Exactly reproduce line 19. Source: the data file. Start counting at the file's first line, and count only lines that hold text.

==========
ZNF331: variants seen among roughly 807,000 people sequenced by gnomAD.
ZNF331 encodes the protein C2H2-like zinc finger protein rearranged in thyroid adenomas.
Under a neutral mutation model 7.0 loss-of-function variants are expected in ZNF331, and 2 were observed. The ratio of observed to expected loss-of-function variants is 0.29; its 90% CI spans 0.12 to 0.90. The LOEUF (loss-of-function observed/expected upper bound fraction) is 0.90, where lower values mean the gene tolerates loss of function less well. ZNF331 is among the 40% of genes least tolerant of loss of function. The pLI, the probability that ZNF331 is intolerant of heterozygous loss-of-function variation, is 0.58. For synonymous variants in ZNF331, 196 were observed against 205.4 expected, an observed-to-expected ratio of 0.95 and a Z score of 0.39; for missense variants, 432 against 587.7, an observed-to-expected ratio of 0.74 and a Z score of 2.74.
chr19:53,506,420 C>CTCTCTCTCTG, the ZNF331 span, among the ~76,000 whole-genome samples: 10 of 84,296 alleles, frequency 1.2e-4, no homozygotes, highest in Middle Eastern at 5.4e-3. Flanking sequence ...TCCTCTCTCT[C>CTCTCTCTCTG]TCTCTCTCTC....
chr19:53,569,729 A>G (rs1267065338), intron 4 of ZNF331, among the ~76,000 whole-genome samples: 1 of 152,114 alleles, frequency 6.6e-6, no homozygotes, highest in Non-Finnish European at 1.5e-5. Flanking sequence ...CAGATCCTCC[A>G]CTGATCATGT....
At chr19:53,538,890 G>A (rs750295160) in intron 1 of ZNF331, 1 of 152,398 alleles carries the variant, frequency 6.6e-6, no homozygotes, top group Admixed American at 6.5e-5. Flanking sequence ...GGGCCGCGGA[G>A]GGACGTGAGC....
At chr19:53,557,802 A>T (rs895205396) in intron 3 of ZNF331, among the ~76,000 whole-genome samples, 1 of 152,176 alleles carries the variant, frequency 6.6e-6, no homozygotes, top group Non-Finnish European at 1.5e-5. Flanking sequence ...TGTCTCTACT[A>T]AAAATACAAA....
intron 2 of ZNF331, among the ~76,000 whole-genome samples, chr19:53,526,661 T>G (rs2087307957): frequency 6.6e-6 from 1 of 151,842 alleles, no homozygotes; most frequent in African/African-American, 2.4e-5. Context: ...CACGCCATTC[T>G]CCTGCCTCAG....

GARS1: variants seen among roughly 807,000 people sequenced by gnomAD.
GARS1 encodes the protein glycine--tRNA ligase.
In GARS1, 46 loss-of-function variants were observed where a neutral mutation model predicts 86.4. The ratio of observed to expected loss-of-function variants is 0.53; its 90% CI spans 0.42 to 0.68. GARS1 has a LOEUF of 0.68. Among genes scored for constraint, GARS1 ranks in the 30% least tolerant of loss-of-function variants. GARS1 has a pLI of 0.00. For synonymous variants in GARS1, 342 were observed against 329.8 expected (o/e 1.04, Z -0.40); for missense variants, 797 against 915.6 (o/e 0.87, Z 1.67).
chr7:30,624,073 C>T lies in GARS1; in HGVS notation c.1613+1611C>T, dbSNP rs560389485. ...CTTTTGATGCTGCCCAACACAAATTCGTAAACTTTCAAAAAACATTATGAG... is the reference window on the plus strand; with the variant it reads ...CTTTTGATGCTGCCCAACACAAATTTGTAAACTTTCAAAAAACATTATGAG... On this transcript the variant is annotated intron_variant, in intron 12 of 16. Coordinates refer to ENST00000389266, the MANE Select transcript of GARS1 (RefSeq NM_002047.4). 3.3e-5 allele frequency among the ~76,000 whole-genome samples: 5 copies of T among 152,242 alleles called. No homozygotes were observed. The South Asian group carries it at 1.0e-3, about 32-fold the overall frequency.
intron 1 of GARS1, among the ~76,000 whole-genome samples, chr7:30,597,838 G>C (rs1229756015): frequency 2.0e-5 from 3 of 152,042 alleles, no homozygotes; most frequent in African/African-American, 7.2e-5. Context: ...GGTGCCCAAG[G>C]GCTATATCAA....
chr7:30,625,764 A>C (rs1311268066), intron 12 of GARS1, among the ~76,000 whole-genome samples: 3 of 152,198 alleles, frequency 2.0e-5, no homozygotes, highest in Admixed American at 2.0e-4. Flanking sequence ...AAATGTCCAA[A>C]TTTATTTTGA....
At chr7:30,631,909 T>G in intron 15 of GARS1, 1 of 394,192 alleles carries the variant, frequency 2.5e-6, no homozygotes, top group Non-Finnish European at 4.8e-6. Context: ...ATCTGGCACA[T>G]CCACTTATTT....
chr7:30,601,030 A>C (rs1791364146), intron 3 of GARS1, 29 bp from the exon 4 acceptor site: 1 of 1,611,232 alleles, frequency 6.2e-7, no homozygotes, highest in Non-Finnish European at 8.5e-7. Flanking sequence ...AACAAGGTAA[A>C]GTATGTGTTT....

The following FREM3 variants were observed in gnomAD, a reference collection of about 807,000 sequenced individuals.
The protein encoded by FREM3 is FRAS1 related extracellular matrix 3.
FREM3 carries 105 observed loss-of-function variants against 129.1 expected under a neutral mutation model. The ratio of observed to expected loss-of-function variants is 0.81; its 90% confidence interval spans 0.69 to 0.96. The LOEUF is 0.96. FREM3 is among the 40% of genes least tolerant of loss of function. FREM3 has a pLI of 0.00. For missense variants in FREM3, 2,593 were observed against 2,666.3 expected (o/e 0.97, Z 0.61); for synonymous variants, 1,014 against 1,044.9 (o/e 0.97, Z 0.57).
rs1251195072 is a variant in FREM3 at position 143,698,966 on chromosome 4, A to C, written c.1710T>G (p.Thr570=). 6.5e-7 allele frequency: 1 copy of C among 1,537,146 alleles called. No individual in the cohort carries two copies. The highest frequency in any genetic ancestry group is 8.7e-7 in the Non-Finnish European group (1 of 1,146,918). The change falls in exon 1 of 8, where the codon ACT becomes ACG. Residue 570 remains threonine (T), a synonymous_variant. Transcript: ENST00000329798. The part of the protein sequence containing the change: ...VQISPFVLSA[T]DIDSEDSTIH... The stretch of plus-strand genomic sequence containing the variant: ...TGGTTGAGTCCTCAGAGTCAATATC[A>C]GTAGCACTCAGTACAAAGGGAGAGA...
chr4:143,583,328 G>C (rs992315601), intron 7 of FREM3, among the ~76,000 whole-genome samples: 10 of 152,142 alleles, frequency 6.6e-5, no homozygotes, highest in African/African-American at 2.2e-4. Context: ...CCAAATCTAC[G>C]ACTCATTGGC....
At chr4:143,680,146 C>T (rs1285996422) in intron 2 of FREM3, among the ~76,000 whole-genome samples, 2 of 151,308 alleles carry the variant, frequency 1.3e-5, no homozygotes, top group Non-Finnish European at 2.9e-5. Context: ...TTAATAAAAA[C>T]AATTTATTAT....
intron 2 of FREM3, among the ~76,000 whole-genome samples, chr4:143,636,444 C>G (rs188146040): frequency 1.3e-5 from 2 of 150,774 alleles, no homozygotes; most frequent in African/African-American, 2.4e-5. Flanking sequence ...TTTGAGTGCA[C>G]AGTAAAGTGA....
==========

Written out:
FREM3 carries 105 observed loss-of-function variants against 129.1 expected under a neutral mutation model. The ratio of observed to expected loss-of-function variants is 0.81; its 90% confidence interval spans 0.69 to 0.96. The LOEUF is 0.96. FREM3 is among the 40% of genes least tolerant of loss of function. FREM3 has a pLI of 0.00. For missense variants in FREM3, 2,593 were observed against 2,666.3 expected (o/e 0.97, Z 0.61); for synonymous variants, 1,014 against 1,044.9 (o/e 0.97, Z 0.57).